Transforming the Supply Chain: How Diversity and Inclusion Improves the Supply Chain
Supply chains are experiencing various disruptions, and companies are using these moments as an opportunity to change for the better. Various problems like the shipping crisis in 2021 and the increase in global inflation rates are pushing businesses to create more resilient supply chains through industry 4.0 technologies, real-time resilience, as well as improved equality and inclusion. In fact, Unilever’s chief supply chain officer, Marc Engel, emphasizes that equality and inclusion can strengthen the global economy’s foundations and boost businesses’ growth and resilience.
Diversity, equity, and inclusion (DEI) strategies may seem unrelated to supply chain issues. However, they can actually transform your business’s supply chain and workforce in these ways:
Reflects your commitment to your clients
Plenty of businesses make various promises to their clients, but only a few are able to turn their promises into a reality. Citi is one of these businesses, and they were able to fulfill their mission of fostering financial growth by embracing DEI in their supply chain. The financial institution recognizes that DEI efforts are a must-have factor for every business, which is why they’re implementing diversity in their suppliers and even investing in startups owned by women and minority groups. Likewise, you can demonstrate your commitment to your consumers by turning your mission statement into a reality and embracing diversity in your supply chain.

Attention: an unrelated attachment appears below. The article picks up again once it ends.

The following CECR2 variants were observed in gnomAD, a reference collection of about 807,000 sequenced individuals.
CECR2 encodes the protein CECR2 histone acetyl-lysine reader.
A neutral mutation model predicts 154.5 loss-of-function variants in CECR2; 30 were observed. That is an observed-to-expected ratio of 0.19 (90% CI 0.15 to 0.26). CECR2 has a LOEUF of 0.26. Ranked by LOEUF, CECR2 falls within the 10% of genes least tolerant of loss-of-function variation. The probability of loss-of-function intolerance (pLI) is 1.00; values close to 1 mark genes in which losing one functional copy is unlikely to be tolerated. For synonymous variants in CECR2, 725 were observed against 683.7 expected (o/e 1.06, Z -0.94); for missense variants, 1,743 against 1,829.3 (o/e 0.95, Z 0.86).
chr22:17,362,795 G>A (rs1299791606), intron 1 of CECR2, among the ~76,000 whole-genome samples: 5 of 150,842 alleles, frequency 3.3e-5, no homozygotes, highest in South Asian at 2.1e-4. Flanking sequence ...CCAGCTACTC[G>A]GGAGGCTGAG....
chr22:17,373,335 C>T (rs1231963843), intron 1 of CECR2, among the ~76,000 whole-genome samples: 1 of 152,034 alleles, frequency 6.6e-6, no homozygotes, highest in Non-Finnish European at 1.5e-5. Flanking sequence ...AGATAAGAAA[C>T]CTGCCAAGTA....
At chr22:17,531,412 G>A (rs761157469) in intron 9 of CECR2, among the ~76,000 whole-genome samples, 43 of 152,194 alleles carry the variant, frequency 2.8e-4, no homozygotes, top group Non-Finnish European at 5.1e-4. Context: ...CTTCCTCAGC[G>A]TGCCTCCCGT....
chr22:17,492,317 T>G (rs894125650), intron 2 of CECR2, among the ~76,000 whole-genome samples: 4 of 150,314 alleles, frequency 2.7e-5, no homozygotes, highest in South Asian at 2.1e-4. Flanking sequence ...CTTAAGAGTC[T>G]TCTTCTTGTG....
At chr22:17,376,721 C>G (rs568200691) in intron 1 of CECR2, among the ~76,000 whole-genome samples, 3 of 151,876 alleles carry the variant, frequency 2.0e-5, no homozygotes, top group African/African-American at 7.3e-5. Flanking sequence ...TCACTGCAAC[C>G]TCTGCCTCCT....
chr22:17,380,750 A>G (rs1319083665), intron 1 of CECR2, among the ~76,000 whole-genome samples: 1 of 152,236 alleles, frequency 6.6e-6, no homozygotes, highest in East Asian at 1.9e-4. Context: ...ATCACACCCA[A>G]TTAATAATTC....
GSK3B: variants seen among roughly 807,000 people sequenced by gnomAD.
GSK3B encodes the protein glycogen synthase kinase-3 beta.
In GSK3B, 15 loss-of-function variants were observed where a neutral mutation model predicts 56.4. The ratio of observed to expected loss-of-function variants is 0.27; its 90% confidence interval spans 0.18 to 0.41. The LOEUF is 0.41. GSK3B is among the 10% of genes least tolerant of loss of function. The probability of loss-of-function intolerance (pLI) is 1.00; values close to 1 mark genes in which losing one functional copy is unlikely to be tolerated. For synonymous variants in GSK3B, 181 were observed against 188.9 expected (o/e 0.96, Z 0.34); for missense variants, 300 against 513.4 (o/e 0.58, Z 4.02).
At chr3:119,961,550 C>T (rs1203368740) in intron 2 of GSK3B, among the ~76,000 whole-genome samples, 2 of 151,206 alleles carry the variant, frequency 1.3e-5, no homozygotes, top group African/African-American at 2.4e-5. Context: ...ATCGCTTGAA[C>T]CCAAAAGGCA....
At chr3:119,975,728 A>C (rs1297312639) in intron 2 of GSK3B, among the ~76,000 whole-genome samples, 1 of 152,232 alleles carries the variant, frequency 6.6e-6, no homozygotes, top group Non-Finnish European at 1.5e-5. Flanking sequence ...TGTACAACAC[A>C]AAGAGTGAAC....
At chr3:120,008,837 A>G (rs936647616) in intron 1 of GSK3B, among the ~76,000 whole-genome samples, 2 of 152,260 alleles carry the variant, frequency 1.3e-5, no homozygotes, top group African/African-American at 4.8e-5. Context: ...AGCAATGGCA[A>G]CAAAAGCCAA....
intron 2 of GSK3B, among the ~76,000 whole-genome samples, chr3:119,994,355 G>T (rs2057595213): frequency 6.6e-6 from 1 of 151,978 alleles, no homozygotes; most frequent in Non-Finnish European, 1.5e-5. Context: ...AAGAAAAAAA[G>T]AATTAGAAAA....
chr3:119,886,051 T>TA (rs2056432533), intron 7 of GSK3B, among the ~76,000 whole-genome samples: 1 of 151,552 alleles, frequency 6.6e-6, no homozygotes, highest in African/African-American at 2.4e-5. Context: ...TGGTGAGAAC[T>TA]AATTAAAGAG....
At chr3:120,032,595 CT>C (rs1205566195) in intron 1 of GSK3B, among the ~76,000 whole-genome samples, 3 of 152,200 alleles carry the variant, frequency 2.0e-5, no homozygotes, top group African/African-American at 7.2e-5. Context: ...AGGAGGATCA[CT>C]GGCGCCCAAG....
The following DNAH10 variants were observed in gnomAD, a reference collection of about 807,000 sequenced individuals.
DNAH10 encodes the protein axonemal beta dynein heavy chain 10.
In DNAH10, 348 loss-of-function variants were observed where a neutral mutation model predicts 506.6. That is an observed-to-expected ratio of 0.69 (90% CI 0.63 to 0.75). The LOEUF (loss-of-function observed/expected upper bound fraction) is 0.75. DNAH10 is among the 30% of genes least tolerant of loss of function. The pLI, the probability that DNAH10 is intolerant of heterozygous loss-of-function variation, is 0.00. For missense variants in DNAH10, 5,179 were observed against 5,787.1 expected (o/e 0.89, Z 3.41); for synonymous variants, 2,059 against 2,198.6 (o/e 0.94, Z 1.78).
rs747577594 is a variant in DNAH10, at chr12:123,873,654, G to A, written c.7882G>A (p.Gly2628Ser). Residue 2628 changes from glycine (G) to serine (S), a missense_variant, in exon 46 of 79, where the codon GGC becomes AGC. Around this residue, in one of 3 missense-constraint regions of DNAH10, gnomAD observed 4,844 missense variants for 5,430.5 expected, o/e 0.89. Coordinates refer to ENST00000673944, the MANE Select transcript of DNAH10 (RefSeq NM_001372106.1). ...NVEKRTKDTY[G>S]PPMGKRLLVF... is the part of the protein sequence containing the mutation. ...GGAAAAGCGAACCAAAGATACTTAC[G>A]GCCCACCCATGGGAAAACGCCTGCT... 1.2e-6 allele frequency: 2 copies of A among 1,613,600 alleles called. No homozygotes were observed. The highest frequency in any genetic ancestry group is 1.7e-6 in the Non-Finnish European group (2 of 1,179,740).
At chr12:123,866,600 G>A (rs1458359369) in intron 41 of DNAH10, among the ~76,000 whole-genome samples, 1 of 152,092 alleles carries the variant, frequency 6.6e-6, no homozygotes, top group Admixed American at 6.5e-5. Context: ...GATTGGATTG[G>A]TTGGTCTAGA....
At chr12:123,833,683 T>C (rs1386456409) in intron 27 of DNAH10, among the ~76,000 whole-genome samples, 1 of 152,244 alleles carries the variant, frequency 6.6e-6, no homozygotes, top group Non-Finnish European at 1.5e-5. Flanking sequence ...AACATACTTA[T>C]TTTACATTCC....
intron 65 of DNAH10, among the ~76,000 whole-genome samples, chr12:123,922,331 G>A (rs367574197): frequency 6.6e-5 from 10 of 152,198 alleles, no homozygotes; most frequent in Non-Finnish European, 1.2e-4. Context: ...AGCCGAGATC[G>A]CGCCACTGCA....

Brings in-demand competencies to the supply chain
There’s a big gender gap in the supply chain due to stereotypes and tradition. Interestingly, 63% of men and 75% of women believe that women are actually advantageous for supply chain management tasks, making it important to close the gender gap in the supply chain. Hugh Williams of Hughenden Consulting explains that women can actually bring in more advanced and in-demand skills, such as people and communication skills, in the creation and sale of every product. Indeed, opening up your doors to people from different walks of life can help you get more professionals with in-demand skills and fresh ideas.
Drives innovation in the supply chain process
Aside from bringing in-demand competencies, empowered women can also help in innovating the supply chain process. The empowerment of women in the workplace can actually motivate them to be more resilient, autonomous, and self-determined. Empowering female professionals through skills training or leadership opportunities can actually motivate them to address tough concerns, like bottlenecks in the delivery process or even stock shortages. By investing in women and other minorities, you will be rewarded with people who are willing to go the extra mile in improving the supply chain.
Improves the overall performance of your team
Your supply chain team’s performance can further improve, especially if you embrace diversity and inclusion. Gartner reports that inclusive teams perform up to 30% better in high-diversity environments because people are allowed to bring out their full potential, instead of being limited to certain roles or even discriminated against in their workplace. Diverse and inclusive companies are also 60% more likely to outperform their peers in decision-making processes, so you can expect better solutions to supply chain concerns with a more well-rounded workforce.
Your business’s ability to progress will be limited, especially if you also have a limited supply chain workforce and supplier network. You can get better performance and solutions to disruptions by opening your business to various people.